The January 20 inauguration ceremony for President Barack Obama was a big event nationally, but some members of the University of San Diego community had the chance to see firsthand that the world was following â€” and celebrating â€” the transition of presidential power in the United States, too.
Community Service-Learning Assistant Director John Loggins and several students spent three weeks in the northern region of Uganda for an immersion service trip, but it didnâ€™t prevent them from seeing Obamaâ€™s inauguration ceremony.
Loggins and five USD students, including Peace and Justice Studies graduate student Tanya Susoev (seen here with Loggins while holding an item of fabric celebrating Obama) paid 50,000 schillings ($25 U.S.) to attend an Obama inauguration party (see ticket) at a Sheraton hotel in Kampala. Loggins said they took a taxi ride to the event and the cab driverâ€™s radio was tuned to a panel discussion about Obama and his presidency. When the group arrived, they realized the radio discussion was taking place at the party.
As 300 people watched the inauguration on CNN the USD group found themselves involved in the Ugandansâ€™ celebration.
â€œThey quickly identified us in the crowd as Americans and they had us stand up and gave us an ovation for helping get Obama elected,â€ Loggins said.
While the Uganda trip conflicted with Loggins’ desire to be in Washington, D.C., for the big event, he convinced himself it would be more interesting to be in an African country on inauguration day.
â€œBeing there was incredible,â€ he said of Uganda, where he found bumper stickers supporting Obama (see photo) and other mementos. â€œObamaâ€™s speech was directed toward an American audience, but you could see the emotion and pride felt by the Ugandans. I felt this is where I needed to be. This is a story I can to tell others. When Obama was sworn in, I can say I was in Uganda. Being there, I got to see how powerful it was, not only for Americans, but also for the world.â€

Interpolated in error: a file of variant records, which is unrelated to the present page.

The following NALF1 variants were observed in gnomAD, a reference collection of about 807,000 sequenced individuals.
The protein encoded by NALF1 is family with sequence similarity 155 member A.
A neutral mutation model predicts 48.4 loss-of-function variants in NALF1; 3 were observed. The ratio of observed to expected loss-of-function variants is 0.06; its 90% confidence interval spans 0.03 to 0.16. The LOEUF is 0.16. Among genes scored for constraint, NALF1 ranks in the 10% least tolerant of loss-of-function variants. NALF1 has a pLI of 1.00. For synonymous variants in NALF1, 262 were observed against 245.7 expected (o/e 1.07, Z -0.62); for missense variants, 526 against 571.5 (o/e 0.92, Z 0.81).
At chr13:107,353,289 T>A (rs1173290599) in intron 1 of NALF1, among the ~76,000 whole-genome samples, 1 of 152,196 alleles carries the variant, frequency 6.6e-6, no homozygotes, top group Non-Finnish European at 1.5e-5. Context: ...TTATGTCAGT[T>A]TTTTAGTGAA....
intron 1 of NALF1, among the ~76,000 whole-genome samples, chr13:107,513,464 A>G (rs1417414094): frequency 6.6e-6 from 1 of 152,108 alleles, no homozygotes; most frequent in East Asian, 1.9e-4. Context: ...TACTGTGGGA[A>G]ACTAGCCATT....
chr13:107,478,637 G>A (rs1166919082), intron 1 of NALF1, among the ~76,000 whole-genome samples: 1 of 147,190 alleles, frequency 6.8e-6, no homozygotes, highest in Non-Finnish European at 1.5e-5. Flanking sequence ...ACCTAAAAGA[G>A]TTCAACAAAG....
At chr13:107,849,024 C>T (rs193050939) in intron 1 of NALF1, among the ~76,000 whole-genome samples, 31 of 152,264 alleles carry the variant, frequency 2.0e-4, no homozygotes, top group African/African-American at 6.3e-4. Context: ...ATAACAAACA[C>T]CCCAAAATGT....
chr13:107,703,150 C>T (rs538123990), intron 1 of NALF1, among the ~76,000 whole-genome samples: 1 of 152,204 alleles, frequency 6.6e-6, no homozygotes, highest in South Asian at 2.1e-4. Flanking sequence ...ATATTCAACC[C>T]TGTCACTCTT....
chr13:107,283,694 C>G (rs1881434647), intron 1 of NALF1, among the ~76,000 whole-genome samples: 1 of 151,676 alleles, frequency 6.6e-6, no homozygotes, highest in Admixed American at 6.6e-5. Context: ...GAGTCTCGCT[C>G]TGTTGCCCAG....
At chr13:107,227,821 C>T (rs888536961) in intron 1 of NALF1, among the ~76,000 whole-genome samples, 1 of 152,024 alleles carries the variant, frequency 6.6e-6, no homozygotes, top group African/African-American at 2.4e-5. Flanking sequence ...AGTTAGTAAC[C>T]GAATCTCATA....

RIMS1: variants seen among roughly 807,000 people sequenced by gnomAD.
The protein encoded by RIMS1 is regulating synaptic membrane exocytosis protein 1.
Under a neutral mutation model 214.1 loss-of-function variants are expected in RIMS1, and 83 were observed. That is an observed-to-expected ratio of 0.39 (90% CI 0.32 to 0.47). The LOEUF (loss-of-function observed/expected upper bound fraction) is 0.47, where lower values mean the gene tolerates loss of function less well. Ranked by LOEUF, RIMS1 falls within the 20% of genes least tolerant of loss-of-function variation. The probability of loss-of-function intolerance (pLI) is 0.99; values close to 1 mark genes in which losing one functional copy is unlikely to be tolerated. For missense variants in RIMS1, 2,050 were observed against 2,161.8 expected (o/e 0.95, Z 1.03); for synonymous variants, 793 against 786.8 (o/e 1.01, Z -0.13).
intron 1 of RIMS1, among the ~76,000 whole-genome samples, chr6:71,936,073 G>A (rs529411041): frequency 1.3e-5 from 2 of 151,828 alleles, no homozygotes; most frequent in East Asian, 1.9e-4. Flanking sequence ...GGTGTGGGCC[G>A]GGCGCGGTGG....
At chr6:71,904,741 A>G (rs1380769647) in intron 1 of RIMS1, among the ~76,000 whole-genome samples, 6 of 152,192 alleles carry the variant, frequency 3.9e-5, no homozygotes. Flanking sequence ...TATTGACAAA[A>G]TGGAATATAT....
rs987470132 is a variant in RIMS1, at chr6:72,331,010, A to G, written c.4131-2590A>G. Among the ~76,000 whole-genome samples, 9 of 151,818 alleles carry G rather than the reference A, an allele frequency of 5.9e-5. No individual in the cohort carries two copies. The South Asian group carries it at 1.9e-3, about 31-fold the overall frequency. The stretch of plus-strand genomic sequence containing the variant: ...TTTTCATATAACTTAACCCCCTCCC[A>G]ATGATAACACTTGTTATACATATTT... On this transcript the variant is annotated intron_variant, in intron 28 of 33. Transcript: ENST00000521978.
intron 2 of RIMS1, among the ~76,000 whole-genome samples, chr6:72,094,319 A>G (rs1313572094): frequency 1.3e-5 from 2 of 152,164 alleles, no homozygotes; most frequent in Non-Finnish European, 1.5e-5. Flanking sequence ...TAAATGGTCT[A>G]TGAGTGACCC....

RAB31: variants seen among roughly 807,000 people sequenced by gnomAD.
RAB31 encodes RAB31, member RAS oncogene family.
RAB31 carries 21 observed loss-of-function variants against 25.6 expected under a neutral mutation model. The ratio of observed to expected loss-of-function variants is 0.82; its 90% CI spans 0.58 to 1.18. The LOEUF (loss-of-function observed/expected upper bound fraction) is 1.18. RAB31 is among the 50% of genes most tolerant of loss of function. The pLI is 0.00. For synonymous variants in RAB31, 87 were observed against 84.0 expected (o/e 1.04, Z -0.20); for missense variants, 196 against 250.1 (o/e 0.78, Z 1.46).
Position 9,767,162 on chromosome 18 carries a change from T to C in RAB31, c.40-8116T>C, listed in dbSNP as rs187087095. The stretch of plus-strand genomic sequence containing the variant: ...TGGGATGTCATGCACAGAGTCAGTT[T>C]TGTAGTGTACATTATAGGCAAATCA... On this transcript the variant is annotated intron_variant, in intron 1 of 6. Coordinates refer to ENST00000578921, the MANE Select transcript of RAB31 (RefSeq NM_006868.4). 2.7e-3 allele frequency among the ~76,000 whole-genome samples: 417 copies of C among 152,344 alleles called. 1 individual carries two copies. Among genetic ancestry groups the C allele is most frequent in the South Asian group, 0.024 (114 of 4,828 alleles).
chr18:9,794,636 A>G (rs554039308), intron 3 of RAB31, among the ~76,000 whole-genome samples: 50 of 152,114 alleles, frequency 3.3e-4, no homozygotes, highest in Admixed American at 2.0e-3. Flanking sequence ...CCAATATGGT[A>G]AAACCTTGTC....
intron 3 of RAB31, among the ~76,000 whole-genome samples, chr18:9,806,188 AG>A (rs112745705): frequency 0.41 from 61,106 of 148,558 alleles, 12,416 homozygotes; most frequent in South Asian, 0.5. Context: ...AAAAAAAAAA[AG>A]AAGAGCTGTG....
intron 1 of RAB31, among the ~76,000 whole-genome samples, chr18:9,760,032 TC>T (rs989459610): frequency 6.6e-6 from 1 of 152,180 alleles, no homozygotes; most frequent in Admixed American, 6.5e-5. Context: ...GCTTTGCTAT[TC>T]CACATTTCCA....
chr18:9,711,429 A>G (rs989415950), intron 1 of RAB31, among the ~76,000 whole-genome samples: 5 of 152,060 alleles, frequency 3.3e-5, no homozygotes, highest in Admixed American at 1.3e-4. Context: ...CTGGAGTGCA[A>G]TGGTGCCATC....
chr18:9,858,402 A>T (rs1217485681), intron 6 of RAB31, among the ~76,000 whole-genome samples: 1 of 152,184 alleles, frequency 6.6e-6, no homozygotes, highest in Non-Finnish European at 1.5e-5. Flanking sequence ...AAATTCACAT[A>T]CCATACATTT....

â€œAt about 11:30 a.m. (Eastern Time) I was down in the usually bustling Duncans town square, and it was a ghost town,â€ said USD sociology associate professor and Department Chair Rafik Mohamed, who was in Jamaica on a three-week service immersion trip. â€œAs I walked into Chenâ€™s Market, the townâ€™s grocery store, I asked someone where everyone was and they pointed up to the small television on the wall tuned to CNN.â€
Mohamed and a few USD students watched the inauguration ceremony in the living room of the house where they stayed during the trip.
In downtown Montego Bay, he said, thousands viewed the inauguration ceremony on a large TV screen in Sam Sharpe Square, named after a Jamaican slave who led a rebellion in the early 1800s.
The Jamaicansâ€™ interest in the new president was an easy conversation starter for Mohamed when he met new people. â€œThe first thing they wanted to talk about was Barack Obama.â€
USD professors David Hay and Cameron Parker, overseeing London/Oxford classes in English and Math, respectively, gathered with students to watch the inauguration with bread and cheese and, for Hay, a celebratory glass of wine.
â€œWe wept and cheered, but mostly we sat in silence, rather in awe of what we were watching, what was being said and what this all meant,â€ Hay said. â€œWhen Diane Feinstein asked everyone to stand for the oath, Cameron and I stood. We were all very moved.â€
Hay said Obamaâ€™s inauguration was the talk of London, but it wasnâ€™t the only reason for their excitement.
â€œObama is scheduled to visit London in April, and people are already talking about going and the enormous crowds that are expected to gather to see him.â€
â€” by Ryan T. Blystone